Audiovisual Technology Center (was created as a result of the transformation of the Wroclaw Feature Film Studio (WFF Wroclaw). The institution is currently the successor and keeper of the tradition of the Studio. Wrocław Feature Film Studio has started its activity on the 1st of January 1953, firstly as the Wrocław branch of the Feature Film Studio (WFF Lodz). It gained independence and the name Wrocław Feature Film Studio on the 1st of January 1954. The allotted plan assumed making 3 films a year.


At first the institution had two film studios. The first feature film made in the WFF-Wroclaw was the drama „Not far from Warsaw” (1954), directed by Maria Kaniewska and starring Urszula Modrzyńska and Ludwik Benoit. In the second half of the sixties the facility had undergone a complex expansion. In 1975 the biggest, 3-acre wide sound stage was modernized. During that period the production capacity of WFF increased to 16 films a year. The Wroclaw Film Studio offered filmmakers full technological and production support – from sound stages, sound recording studios, an editing studio and prop building section, to one-of-a-kind sceneries of Wrocław. The location od the Wroclaw Feature Film Studio was beneficial for the artistic value of any undertakings realised here, since it was very attractive for film-makres to shoot Polish films in Polish Wroclaw.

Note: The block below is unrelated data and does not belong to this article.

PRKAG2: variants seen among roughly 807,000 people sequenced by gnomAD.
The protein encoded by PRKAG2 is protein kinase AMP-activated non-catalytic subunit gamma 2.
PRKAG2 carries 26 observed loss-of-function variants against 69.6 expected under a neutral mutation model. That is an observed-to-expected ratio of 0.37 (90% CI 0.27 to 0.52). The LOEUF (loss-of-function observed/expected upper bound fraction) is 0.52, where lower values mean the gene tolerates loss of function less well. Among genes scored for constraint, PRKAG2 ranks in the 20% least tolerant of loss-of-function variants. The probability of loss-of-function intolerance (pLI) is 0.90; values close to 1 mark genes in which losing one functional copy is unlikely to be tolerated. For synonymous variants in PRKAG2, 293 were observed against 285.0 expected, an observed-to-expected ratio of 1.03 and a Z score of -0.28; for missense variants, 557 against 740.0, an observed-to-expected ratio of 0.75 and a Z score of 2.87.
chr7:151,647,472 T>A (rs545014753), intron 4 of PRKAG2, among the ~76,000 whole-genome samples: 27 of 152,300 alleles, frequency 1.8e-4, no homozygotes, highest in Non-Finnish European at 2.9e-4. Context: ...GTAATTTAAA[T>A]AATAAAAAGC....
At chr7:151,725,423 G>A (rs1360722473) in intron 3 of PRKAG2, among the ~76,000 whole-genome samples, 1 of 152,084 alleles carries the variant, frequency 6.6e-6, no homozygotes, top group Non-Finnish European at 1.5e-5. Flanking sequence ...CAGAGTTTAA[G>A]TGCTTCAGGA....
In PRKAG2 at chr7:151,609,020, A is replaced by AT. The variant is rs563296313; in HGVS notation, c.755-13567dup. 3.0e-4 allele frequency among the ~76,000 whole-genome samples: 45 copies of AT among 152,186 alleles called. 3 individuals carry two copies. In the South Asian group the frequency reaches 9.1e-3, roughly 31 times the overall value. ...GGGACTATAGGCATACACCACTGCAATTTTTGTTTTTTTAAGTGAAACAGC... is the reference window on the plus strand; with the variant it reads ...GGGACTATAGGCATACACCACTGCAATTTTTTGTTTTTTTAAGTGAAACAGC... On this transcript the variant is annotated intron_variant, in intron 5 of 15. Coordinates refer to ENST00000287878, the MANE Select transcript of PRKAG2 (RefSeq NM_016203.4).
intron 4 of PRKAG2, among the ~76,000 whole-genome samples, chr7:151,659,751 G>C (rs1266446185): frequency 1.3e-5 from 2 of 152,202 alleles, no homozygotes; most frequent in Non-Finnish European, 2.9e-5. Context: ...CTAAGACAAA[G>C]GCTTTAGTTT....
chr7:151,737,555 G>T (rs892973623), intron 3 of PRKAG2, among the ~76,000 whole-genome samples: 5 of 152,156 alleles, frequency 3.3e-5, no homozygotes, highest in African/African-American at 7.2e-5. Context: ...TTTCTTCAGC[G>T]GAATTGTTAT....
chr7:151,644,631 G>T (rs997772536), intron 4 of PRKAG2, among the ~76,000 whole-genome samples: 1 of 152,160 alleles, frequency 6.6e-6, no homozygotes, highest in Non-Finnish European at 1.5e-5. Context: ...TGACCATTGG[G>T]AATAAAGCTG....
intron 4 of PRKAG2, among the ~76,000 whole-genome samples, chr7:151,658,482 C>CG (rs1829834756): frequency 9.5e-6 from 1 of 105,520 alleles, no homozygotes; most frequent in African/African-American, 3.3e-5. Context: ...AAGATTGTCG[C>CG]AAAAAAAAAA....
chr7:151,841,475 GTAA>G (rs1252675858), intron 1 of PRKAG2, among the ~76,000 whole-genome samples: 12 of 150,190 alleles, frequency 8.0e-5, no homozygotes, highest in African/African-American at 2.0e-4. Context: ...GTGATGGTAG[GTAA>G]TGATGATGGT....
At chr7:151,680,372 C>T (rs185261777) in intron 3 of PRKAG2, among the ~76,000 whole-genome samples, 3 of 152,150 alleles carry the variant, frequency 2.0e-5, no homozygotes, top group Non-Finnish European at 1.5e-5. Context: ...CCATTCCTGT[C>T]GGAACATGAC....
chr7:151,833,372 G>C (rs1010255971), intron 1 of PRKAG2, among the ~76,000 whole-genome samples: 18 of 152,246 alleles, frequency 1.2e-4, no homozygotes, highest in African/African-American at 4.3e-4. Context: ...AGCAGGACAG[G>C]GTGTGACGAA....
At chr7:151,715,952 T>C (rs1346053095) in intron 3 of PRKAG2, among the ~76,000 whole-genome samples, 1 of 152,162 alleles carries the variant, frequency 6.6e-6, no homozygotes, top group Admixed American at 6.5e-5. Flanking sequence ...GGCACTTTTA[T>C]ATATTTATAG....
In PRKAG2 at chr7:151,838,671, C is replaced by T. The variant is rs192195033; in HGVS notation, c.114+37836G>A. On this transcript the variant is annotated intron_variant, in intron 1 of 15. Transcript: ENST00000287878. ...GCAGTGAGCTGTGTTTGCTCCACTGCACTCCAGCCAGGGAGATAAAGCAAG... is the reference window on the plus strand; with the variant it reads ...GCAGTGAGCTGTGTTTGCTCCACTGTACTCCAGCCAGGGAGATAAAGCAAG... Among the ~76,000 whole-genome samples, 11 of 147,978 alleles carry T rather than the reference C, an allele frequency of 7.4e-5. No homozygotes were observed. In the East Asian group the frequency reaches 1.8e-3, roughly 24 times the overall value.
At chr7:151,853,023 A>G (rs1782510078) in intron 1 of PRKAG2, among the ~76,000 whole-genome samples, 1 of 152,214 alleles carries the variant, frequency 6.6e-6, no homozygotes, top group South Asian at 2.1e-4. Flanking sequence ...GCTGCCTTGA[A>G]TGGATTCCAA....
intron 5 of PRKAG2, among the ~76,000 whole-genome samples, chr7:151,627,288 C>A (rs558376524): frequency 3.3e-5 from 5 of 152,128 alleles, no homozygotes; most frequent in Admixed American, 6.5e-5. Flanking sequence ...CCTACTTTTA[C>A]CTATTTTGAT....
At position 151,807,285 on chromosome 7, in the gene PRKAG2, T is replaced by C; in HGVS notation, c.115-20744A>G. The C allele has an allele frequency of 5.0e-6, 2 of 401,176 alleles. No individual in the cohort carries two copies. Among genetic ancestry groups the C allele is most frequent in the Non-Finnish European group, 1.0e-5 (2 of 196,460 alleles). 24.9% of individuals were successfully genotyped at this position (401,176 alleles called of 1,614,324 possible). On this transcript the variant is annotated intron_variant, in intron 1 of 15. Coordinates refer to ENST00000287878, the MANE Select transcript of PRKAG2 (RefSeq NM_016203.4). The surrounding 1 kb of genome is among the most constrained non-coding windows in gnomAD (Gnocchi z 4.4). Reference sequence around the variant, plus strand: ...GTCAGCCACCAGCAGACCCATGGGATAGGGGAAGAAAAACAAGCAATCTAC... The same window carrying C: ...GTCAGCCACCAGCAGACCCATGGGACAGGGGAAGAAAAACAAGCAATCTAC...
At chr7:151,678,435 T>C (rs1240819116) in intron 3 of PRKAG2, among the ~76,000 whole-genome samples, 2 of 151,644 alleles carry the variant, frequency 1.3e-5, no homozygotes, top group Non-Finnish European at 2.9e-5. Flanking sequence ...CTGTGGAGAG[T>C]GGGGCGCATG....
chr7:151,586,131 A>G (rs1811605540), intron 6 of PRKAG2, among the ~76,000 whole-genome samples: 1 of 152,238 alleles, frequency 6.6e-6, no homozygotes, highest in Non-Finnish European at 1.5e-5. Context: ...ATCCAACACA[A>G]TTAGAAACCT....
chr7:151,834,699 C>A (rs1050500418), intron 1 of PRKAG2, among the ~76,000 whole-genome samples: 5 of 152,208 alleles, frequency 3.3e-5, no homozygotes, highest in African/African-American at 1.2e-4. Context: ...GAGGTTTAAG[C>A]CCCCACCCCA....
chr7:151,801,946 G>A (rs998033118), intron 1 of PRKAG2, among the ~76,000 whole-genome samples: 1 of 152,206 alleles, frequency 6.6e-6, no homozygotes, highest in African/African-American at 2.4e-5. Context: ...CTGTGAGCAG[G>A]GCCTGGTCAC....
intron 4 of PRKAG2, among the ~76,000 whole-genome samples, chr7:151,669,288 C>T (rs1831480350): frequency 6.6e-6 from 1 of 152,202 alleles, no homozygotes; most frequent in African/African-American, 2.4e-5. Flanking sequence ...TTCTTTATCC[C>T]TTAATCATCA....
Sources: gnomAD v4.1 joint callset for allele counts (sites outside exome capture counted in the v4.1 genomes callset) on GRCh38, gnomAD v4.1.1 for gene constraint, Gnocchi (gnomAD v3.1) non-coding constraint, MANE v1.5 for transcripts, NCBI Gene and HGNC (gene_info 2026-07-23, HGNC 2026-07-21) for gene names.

Renowned polish film directors have made their debut feature-length films in Wroclaw, among them Andrzej Wajda („A Generation”, 1955 r.), Kazimierz Kutz („Cross of Valor”, 1959 r.) and Roman Polański (the Oscar-nominated „Knife in the Water”, 1961 r.). Many exceptional filmmakers have created their most important films in the WFF, such as Wojciech Jerzy Has („The Saragossa Manuscript”, „How to be loved”, „The Doll”, Agnieszka Holland („Sunday Children”, „Screen Tests”, „A Lonely Woman”), Andrzej Wajda („Ashes and Diamonds” with the unforgettable creation of Zbyszek Cybulski), Sylwester Chęciński (the most famous polish comedies „Our Folks”, “Take it easy”, „Love or leave”) and Stanisław Lenartowicz („Giuseppe in Warsaw”, „The Diary of Mrs Hanka”).

 


During the years of its activity, the WFF also offered filming services for foreign producers due to its high production capacity. It took part in projects undertaken by the film companies in Łodz and Warszawa and cooperated with television centers throughout the country. In the eighties the WFF was a shareholder in a partnership producing animated films named Hanna-Barbera Poland.

In the 57 years of its activity, the Wroclaw Dream Factory let out around 500 films, which at the time made up 25% of all movies made in Poland after World War II. The WFF officially ceased its activity on the 9th of November 2011. By the decree of the Minister of Culture and National Heritage it was converted to Audiovisual Technology Center.

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